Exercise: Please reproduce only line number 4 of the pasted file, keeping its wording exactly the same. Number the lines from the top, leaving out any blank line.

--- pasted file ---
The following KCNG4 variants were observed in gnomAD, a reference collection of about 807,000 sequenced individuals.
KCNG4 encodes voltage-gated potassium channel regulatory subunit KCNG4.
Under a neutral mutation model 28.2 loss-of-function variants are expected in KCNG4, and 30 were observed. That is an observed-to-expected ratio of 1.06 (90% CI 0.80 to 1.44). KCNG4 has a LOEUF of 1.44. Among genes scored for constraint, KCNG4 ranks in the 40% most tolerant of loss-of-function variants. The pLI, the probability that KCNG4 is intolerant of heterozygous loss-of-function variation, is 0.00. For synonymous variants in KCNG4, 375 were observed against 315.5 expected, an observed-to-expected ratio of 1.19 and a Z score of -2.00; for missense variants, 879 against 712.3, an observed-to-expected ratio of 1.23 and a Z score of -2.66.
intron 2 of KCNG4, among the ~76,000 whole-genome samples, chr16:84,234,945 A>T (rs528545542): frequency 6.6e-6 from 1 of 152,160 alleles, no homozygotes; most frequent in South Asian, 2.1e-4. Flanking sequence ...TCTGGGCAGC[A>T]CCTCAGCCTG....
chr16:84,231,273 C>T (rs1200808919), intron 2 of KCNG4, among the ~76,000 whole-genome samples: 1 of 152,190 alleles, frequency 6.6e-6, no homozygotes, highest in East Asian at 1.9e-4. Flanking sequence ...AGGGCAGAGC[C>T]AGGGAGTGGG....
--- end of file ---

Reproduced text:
intron 2 of KCNG4, among the ~76,000 whole-genome samples, chr16:84,234,945 A>T (rs528545542): frequency 6.6e-6 from 1 of 152,160 alleles, no homozygotes; most frequent in South Asian, 2.1e-4. Flanking sequence ...TCTGGGCAGC[A>T]CCTCAGCCTG....